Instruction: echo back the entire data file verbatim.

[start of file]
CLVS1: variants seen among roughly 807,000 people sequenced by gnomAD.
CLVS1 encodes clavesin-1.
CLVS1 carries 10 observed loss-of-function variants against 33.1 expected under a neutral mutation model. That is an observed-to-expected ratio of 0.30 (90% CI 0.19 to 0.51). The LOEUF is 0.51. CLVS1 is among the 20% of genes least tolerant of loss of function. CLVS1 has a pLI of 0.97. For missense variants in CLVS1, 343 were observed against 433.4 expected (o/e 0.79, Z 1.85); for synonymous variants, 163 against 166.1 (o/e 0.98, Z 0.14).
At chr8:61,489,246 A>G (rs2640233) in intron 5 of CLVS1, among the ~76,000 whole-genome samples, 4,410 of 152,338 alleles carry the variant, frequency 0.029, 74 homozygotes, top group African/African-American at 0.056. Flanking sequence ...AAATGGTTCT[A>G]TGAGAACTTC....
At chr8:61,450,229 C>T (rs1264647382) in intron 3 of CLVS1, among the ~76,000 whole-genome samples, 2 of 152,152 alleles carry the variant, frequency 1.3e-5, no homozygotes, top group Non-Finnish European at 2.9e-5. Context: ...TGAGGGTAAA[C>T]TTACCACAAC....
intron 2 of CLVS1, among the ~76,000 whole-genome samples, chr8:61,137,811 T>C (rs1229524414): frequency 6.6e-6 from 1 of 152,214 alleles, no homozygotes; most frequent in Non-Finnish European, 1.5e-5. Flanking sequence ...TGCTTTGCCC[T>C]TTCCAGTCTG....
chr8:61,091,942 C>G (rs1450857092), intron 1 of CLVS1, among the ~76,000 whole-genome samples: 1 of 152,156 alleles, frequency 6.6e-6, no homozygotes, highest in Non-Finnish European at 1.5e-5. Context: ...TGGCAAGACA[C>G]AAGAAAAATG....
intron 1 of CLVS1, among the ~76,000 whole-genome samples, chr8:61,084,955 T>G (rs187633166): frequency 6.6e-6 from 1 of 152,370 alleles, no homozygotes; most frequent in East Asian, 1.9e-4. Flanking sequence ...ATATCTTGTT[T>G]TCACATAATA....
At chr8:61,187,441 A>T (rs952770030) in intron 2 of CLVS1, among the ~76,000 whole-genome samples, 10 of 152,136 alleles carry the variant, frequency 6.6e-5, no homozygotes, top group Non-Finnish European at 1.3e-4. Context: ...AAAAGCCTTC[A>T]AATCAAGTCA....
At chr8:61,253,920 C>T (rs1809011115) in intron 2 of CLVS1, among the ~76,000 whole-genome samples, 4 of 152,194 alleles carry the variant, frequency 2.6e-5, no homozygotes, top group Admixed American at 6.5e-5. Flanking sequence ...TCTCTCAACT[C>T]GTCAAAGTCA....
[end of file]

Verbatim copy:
CLVS1: variants seen among roughly 807,000 people sequenced by gnomAD.
CLVS1 encodes clavesin-1.
CLVS1 carries 10 observed loss-of-function variants against 33.1 expected under a neutral mutation model. That is an observed-to-expected ratio of 0.30 (90% CI 0.19 to 0.51). The LOEUF is 0.51. CLVS1 is among the 20% of genes least tolerant of loss of function. CLVS1 has a pLI of 0.97. For missense variants in CLVS1, 343 were observed against 433.4 expected (o/e 0.79, Z 1.85); for synonymous variants, 163 against 166.1 (o/e 0.98, Z 0.14).
At chr8:61,489,246 A>G (rs2640233) in intron 5 of CLVS1, among the ~76,000 whole-genome samples, 4,410 of 152,338 alleles carry the variant, frequency 0.029, 74 homozygotes, top group African/African-American at 0.056. Flanking sequence ...AAATGGTTCT[A>G]TGAGAACTTC....
At chr8:61,450,229 C>T (rs1264647382) in intron 3 of CLVS1, among the ~76,000 whole-genome samples, 2 of 152,152 alleles carry the variant, frequency 1.3e-5, no homozygotes, top group Non-Finnish European at 2.9e-5. Context: ...TGAGGGTAAA[C>T]TTACCACAAC....
intron 2 of CLVS1, among the ~76,000 whole-genome samples, chr8:61,137,811 T>C (rs1229524414): frequency 6.6e-6 from 1 of 152,214 alleles, no homozygotes; most frequent in Non-Finnish European, 1.5e-5. Flanking sequence ...TGCTTTGCCC[T>C]TTCCAGTCTG....
chr8:61,091,942 C>G (rs1450857092), intron 1 of CLVS1, among the ~76,000 whole-genome samples: 1 of 152,156 alleles, frequency 6.6e-6, no homozygotes, highest in Non-Finnish European at 1.5e-5. Context: ...TGGCAAGACA[C>G]AAGAAAAATG....
intron 1 of CLVS1, among the ~76,000 whole-genome samples, chr8:61,084,955 T>G (rs187633166): frequency 6.6e-6 from 1 of 152,370 alleles, no homozygotes; most frequent in East Asian, 1.9e-4. Flanking sequence ...ATATCTTGTT[T>G]TCACATAATA....
At chr8:61,187,441 A>T (rs952770030) in intron 2 of CLVS1, among the ~76,000 whole-genome samples, 10 of 152,136 alleles carry the variant, frequency 6.6e-5, no homozygotes, top group Non-Finnish European at 1.3e-4. Context: ...AAAAGCCTTC[A>T]AATCAAGTCA....
At chr8:61,253,920 C>T (rs1809011115) in intron 2 of CLVS1, among the ~76,000 whole-genome samples, 4 of 152,194 alleles carry the variant, frequency 2.6e-5, no homozygotes, top group Admixed American at 6.5e-5. Flanking sequence ...TCTCTCAACT[C>T]GTCAAAGTCA....